Imagination is a very good album, filled with memorable tunes and vocals. At times the instrumentation seems a bit bland and radio-friendly, but the overall impression is extremely positive. The past is confronted by revisiting four old tunes, two fairly obscure Beach Boys songs, "Let Him Run Wild" and "Keep An Eye On Summer" and two tunes written more than twenty-five years ago but never released, "She Says She Needs Me" and the opening part of "Happy Days."


"Happy Days" both reflects on a dark past in it's dissonance of the opening section (the tune here was originally called "My Solution" and was originally set to lyrics telling a bizarre Halloween tale), and looks to the future in it's joyous closing. It is clear that Brian has found some sort of redemption through his new wife, and some sort of spiritual peace, and while his life isn't perfect, it seems much better than anytime since Pet Sounds.


Another song on Imagination, "Lay Down Burden", looks at the flipside of the 60s hedonism in the cost of broken relationships. It seems to reflect on recent losses in Brian's life, his mother Audrey, and brother and fellow Beach Boy Carl Wilson. It has a measure of regret but also the need to lay down the burden of the past and move forward. And like "Caroline No", 32 years ago, it shows that Brian hasn't lost the ability to deeply impact on our souls through music.


Imagination also contains some lighter stuff such as the fun song "South American", written with Jimmy Buffet, and "Dream Angel", written for his two adopted step-daughters. Both songs are catchy, and deserve to put Brian right back at the top of the hit parade.


The third album recently released, "The Wilson" is actually the latest release by Brian's daughters from his first marriage, Carnie and Wendy. You should remember them from Wilson Phillips, and now Chynna Phillips has gone her own way. This album is definitely a lesser opus than the first two reviewed, and much of it is unremarkable 90s pop, but Brian Wilson is involved in four tracks. One is a remake of the Beach Boys song "Til' I Die", one of Brian's most fantastic creations, a song of despair written just before the worst time in his life. The version here is OK, but you should be looking for the original Beach Boys version.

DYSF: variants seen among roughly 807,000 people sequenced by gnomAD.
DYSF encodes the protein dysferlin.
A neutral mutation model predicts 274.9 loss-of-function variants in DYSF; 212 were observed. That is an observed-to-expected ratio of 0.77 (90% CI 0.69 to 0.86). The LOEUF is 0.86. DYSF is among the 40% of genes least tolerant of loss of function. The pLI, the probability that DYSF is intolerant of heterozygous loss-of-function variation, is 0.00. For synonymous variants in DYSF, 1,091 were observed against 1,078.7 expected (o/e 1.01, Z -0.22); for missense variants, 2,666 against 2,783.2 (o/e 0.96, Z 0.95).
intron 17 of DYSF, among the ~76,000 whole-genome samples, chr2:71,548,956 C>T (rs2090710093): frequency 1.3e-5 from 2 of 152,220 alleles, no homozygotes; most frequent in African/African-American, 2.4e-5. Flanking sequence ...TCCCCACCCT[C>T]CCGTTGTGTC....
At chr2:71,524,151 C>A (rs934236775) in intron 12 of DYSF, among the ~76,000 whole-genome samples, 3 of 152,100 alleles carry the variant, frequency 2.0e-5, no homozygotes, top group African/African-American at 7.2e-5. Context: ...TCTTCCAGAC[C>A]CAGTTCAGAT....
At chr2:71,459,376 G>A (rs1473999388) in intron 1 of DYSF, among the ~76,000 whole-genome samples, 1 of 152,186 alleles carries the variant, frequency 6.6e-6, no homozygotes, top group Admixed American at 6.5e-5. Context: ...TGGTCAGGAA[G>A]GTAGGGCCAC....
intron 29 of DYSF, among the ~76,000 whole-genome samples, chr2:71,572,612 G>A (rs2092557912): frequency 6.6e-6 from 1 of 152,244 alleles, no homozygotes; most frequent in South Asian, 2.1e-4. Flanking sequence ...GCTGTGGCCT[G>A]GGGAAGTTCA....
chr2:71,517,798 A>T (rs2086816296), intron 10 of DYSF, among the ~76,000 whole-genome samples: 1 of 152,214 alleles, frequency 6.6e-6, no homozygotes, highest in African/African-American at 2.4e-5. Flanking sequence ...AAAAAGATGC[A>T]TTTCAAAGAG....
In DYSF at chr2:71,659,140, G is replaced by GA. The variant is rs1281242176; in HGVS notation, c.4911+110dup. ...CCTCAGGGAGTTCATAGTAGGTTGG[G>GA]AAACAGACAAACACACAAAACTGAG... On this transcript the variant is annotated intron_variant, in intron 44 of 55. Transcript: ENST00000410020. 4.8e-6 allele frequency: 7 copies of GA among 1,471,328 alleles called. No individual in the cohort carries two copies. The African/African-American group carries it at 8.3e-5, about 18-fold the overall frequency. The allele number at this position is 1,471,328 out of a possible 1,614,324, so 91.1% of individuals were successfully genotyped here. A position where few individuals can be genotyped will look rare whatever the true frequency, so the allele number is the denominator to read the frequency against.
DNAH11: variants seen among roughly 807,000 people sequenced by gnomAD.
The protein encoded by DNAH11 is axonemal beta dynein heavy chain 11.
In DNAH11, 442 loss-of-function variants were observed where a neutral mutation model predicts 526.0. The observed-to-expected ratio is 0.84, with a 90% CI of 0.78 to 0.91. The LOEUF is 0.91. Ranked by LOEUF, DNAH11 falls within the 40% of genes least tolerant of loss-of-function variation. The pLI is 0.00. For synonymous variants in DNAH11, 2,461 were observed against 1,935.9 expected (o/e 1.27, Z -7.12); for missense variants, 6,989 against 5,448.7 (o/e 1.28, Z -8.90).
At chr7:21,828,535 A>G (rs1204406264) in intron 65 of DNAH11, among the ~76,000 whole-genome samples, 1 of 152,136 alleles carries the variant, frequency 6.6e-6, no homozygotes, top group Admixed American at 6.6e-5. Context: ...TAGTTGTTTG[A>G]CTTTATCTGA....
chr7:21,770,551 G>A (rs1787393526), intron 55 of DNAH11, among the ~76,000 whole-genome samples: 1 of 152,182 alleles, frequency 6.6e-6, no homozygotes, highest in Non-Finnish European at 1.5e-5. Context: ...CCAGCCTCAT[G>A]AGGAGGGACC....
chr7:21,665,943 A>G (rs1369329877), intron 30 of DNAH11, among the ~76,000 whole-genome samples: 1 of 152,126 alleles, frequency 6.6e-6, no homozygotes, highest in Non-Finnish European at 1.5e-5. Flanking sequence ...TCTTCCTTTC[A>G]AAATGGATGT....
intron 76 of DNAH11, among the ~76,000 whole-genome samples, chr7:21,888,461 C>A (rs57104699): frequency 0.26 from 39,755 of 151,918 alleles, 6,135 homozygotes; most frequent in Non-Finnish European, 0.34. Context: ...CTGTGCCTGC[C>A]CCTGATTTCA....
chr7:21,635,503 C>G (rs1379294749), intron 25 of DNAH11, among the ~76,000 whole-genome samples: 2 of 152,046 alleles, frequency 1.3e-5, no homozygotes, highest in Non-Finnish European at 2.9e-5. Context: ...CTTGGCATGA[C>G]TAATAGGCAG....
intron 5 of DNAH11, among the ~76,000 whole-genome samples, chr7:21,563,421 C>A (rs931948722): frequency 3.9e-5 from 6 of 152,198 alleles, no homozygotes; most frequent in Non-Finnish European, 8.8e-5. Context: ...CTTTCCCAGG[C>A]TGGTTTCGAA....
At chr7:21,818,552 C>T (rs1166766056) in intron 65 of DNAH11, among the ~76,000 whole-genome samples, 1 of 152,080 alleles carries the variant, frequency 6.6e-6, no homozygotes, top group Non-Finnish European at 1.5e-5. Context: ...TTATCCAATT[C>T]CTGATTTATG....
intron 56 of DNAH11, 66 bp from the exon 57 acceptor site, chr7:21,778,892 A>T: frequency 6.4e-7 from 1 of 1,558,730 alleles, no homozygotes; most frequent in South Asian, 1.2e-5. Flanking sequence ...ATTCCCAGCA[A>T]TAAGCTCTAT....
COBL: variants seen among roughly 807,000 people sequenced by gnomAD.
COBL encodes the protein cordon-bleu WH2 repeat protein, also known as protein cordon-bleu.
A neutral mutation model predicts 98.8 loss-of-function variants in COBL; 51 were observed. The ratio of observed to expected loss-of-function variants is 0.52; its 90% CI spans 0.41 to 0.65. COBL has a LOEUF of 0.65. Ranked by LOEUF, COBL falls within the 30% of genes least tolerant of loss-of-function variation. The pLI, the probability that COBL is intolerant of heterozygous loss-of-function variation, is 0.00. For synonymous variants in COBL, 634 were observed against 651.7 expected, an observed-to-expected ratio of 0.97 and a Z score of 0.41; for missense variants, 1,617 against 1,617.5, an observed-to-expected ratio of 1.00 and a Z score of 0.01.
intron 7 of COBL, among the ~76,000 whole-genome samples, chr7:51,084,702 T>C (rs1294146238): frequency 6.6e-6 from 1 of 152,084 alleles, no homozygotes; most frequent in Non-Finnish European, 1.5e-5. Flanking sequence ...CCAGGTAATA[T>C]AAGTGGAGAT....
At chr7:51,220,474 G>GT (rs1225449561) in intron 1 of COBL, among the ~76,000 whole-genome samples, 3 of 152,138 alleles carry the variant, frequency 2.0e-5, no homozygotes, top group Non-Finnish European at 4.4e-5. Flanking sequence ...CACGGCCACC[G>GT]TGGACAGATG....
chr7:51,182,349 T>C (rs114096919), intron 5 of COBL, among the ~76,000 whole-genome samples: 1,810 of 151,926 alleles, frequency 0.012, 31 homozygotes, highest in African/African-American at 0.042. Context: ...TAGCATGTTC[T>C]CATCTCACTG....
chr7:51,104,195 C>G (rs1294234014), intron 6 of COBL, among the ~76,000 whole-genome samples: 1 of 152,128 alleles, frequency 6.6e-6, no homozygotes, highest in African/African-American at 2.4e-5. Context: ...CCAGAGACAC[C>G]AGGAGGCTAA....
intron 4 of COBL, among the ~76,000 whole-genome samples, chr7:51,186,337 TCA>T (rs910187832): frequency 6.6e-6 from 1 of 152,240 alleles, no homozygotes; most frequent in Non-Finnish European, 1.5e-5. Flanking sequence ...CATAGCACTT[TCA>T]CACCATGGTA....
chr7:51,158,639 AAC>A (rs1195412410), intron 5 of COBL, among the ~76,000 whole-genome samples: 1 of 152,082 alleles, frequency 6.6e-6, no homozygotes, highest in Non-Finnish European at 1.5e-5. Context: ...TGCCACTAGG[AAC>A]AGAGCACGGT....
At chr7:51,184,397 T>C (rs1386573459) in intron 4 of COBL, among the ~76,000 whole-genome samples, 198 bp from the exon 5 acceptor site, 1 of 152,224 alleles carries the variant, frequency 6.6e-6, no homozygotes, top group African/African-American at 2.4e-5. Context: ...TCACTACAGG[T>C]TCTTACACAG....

The real reason to get this album is "Everything I Need", written by Brian and Tony Asher. This is where these three releases turn full circle, as Tony Asher wrote most of the lyrics to Pet Sounds, and interpreted Brian's, and all of our, deepest feelings. This song was a one-off songwriting reunion between the two, and it is about a mature, long-lasting, romantic relationship, freed from the insecurities reflected in Pet Sounds. It is a pretty song, nicely sung and arranged, and it does give a real feeling of hope of the long-lasting power of love.


Pet Sounds was a brilliant album, surely the best ever made or likely to be made, and Brian said he made it to share "spiritual love" with the world. It is a loving album, but ultimately one that ends with sadness as Brian realises that the world isn't ready for him (listen to the key Pet Sounds track "I Just Wasn't Made For These Times').Brian had to retreat from the world, and from the manic race to be the greatest, to save himself, and his redemption has been a long process. And now with "Everything I Need" and the Imagination album, that redemption seems to have happened.


Brian Wilson may not be a household name, but his impact on our lives through the big hits of the Beach, and on other musicians who cite him as an influence, is inestimable. Buying one, two or all three of these releases will let you into a part of popular music's greatest canon. These records may change your life, or at least give an insight into why it has changed others.



Pet Sounds Sessions ***** (5 stars)

Imagination ****1/2 (4.5 stars)

The Wilsons *** (3 stars)